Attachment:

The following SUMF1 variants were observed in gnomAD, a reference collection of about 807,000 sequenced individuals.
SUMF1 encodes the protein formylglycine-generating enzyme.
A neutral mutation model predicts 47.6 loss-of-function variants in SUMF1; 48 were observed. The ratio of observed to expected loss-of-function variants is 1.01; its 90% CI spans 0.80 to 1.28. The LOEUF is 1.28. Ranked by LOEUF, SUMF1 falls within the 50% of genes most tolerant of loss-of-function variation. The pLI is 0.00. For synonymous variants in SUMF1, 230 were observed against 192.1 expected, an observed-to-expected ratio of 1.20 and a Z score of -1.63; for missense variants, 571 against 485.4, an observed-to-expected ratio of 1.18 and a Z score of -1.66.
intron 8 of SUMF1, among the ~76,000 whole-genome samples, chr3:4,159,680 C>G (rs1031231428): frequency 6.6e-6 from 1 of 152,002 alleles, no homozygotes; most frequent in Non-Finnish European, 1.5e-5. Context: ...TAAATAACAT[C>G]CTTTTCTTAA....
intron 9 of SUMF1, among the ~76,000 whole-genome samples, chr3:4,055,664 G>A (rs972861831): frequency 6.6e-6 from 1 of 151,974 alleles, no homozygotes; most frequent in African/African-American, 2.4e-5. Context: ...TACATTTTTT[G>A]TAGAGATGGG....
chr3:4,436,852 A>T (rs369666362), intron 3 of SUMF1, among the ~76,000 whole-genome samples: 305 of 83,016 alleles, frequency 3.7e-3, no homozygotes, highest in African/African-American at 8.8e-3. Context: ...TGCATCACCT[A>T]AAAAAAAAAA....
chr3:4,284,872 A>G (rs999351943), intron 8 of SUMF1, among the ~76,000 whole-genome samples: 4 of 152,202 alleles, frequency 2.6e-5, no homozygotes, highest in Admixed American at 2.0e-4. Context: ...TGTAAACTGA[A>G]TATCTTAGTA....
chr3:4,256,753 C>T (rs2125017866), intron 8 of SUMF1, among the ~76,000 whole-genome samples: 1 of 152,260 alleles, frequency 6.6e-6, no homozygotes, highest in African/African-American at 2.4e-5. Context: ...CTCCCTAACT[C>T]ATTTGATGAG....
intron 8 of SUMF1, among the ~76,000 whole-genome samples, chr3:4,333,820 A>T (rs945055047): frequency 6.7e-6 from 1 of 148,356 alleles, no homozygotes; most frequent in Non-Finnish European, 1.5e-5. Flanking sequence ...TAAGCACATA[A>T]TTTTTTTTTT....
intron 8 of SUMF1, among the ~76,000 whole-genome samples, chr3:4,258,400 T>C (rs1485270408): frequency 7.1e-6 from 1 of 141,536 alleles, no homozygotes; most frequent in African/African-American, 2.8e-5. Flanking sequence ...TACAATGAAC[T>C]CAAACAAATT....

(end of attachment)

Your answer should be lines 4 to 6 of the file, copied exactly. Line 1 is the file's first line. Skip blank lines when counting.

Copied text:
intron 8 of SUMF1, among the ~76,000 whole-genome samples, chr3:4,159,680 C>G (rs1031231428): frequency 6.6e-6 from 1 of 152,002 alleles, no homozygotes; most frequent in Non-Finnish European, 1.5e-5. Context: ...TAAATAACAT[C>G]CTTTTCTTAA....
intron 9 of SUMF1, among the ~76,000 whole-genome samples, chr3:4,055,664 G>A (rs972861831): frequency 6.6e-6 from 1 of 151,974 alleles, no homozygotes; most frequent in African/African-American, 2.4e-5. Context: ...TACATTTTTT[G>A]TAGAGATGGG....
chr3:4,436,852 A>T (rs369666362), intron 3 of SUMF1, among the ~76,000 whole-genome samples: 305 of 83,016 alleles, frequency 3.7e-3, no homozygotes, highest in African/African-American at 8.8e-3. Context: ...TGCATCACCT[A>T]AAAAAAAAAA....